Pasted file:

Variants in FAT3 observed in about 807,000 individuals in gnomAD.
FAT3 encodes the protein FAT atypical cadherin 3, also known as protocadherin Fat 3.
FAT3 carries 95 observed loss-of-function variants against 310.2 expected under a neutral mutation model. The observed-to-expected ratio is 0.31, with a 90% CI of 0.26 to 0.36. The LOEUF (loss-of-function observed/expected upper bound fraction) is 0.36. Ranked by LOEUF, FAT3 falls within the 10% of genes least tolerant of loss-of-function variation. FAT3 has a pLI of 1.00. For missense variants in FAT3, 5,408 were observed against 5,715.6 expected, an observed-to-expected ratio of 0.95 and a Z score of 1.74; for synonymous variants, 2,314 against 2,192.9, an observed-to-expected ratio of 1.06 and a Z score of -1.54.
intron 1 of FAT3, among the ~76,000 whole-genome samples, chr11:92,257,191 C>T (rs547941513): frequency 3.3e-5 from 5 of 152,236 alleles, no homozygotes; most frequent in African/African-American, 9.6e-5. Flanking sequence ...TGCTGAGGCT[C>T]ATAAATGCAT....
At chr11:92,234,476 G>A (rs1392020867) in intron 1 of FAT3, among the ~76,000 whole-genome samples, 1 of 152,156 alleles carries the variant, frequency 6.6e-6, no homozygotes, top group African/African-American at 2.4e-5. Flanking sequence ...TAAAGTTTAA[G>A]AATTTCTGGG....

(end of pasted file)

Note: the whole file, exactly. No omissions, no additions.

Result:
Variants in FAT3 observed in about 807,000 individuals in gnomAD.
FAT3 encodes the protein FAT atypical cadherin 3, also known as protocadherin Fat 3.
FAT3 carries 95 observed loss-of-function variants against 310.2 expected under a neutral mutation model. The observed-to-expected ratio is 0.31, with a 90% CI of 0.26 to 0.36. The LOEUF (loss-of-function observed/expected upper bound fraction) is 0.36. Ranked by LOEUF, FAT3 falls within the 10% of genes least tolerant of loss-of-function variation. FAT3 has a pLI of 1.00. For missense variants in FAT3, 5,408 were observed against 5,715.6 expected, an observed-to-expected ratio of 0.95 and a Z score of 1.74; for synonymous variants, 2,314 against 2,192.9, an observed-to-expected ratio of 1.06 and a Z score of -1.54.
intron 1 of FAT3, among the ~76,000 whole-genome samples, chr11:92,257,191 C>T (rs547941513): frequency 3.3e-5 from 5 of 152,236 alleles, no homozygotes; most frequent in African/African-American, 9.6e-5. Flanking sequence ...TGCTGAGGCT[C>T]ATAAATGCAT....
At chr11:92,234,476 G>A (rs1392020867) in intron 1 of FAT3, among the ~76,000 whole-genome samples, 1 of 152,156 alleles carries the variant, frequency 6.6e-6, no homozygotes, top group African/African-American at 2.4e-5. Flanking sequence ...TAAAGTTTAA[G>A]AATTTCTGGG....